Re: CD vs Vinyl
Here's a shocker for you. When CD's came out, it was proclaimed that they had a signal to noise ratio of 90dB. This was worked out by adding 6dB for each bit increase. i.e. the 1st bit (lsb) is considered as 0dB. So 15 x 6 = 90. Impressive? However, in order that there is no perceived loss of information in a complex wave form, the wave must have a resolve of at least 12 bits. i.e. you are above the noise floor when the signal spans a depth of at least 12 bits. Unlike with analogue tape, you cannot hear the noise floor on a digital system but is has the same destructive effect on a signal. Therefore, the true 0dB starts at the 12th bit which means that a CD has a signal to noise ratio of only 24dB!!!
Vinyl has a s/n of 48dB.
Cassettes have a s/n around 50dB without NR
SACD has a s/n of 48dB but an internal standard NR system improves it
A full symphony requires 48dB of headroom so that there is no loss of signal quality for the quietest notes played.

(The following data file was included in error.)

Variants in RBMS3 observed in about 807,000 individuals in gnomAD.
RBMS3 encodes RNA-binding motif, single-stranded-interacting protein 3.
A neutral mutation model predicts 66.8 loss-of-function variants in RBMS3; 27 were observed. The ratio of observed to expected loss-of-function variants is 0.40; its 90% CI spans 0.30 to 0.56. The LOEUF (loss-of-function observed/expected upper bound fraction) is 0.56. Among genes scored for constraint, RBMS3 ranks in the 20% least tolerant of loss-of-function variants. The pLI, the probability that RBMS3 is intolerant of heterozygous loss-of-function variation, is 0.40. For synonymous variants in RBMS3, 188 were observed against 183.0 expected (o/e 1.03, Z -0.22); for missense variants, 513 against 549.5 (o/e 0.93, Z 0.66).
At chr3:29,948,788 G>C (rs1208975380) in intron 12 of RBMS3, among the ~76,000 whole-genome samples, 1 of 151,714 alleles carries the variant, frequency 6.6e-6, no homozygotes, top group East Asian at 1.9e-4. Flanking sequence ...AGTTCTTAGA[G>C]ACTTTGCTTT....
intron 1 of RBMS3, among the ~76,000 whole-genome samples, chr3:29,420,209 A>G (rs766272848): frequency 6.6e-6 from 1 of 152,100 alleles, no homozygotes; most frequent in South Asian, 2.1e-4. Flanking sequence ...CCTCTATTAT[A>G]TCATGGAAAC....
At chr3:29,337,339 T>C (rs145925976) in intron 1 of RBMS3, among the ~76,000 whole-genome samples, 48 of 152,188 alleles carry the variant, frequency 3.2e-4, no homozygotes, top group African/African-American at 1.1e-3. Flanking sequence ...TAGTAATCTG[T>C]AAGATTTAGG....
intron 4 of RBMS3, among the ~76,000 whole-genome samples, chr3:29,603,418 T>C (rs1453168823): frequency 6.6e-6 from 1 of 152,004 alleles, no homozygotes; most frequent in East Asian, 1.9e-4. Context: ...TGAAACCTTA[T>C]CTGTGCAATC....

A 24 bit system offers full 72dB of headroom without NR. So a professional 24bit system with NR can get you in excess of 90dB which makes it more forgiving to work with level adjustment wise.
So red book is definitely a basket case. It might not have been so bad had mfrs agreed upon a NR standard before going to market. SACD is too little too late.
As for what the future holds, with digital systems discredited, the cost of producing vinyl in small quantities is too great for small productions, which leaves us with the 1/4" tape as the only viable method of distributing the highest possible fidelity content. At it's professional best, a digital system can only equal it.